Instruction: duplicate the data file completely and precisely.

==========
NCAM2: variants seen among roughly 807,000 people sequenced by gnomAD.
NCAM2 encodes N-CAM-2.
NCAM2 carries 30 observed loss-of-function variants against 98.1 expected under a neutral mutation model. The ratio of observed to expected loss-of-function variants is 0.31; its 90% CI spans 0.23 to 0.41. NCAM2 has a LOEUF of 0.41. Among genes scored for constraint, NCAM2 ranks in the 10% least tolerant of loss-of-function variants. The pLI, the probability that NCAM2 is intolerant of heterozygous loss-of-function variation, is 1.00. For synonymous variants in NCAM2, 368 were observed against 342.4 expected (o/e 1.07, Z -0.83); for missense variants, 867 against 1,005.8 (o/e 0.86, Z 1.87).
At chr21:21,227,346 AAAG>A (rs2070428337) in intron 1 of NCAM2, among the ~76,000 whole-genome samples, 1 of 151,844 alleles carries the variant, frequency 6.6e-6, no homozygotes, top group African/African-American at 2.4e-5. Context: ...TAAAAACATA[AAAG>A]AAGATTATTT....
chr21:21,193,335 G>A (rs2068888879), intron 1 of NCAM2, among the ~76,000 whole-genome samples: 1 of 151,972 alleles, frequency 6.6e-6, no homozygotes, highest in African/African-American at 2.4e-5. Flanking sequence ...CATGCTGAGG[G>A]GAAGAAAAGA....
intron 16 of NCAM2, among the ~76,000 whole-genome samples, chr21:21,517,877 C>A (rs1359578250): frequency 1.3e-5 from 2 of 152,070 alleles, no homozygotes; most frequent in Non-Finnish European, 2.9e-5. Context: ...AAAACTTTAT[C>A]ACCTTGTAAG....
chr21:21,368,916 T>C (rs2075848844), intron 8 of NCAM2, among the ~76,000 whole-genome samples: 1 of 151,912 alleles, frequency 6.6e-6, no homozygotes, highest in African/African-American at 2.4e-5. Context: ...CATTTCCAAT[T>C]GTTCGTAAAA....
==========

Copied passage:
NCAM2: variants seen among roughly 807,000 people sequenced by gnomAD.
NCAM2 encodes N-CAM-2.
NCAM2 carries 30 observed loss-of-function variants against 98.1 expected under a neutral mutation model. The ratio of observed to expected loss-of-function variants is 0.31; its 90% CI spans 0.23 to 0.41. NCAM2 has a LOEUF of 0.41. Among genes scored for constraint, NCAM2 ranks in the 10% least tolerant of loss-of-function variants. The pLI, the probability that NCAM2 is intolerant of heterozygous loss-of-function variation, is 1.00. For synonymous variants in NCAM2, 368 were observed against 342.4 expected (o/e 1.07, Z -0.83); for missense variants, 867 against 1,005.8 (o/e 0.86, Z 1.87).
At chr21:21,227,346 AAAG>A (rs2070428337) in intron 1 of NCAM2, among the ~76,000 whole-genome samples, 1 of 151,844 alleles carries the variant, frequency 6.6e-6, no homozygotes, top group African/African-American at 2.4e-5. Context: ...TAAAAACATA[AAAG>A]AAGATTATTT....
chr21:21,193,335 G>A (rs2068888879), intron 1 of NCAM2, among the ~76,000 whole-genome samples: 1 of 151,972 alleles, frequency 6.6e-6, no homozygotes, highest in African/African-American at 2.4e-5. Flanking sequence ...CATGCTGAGG[G>A]GAAGAAAAGA....
intron 16 of NCAM2, among the ~76,000 whole-genome samples, chr21:21,517,877 C>A (rs1359578250): frequency 1.3e-5 from 2 of 152,070 alleles, no homozygotes; most frequent in Non-Finnish European, 2.9e-5. Context: ...AAAACTTTAT[C>A]ACCTTGTAAG....
chr21:21,368,916 T>C (rs2075848844), intron 8 of NCAM2, among the ~76,000 whole-genome samples: 1 of 151,912 alleles, frequency 6.6e-6, no homozygotes, highest in African/African-American at 2.4e-5. Context: ...CATTTCCAAT[T>C]GTTCGTAAAA....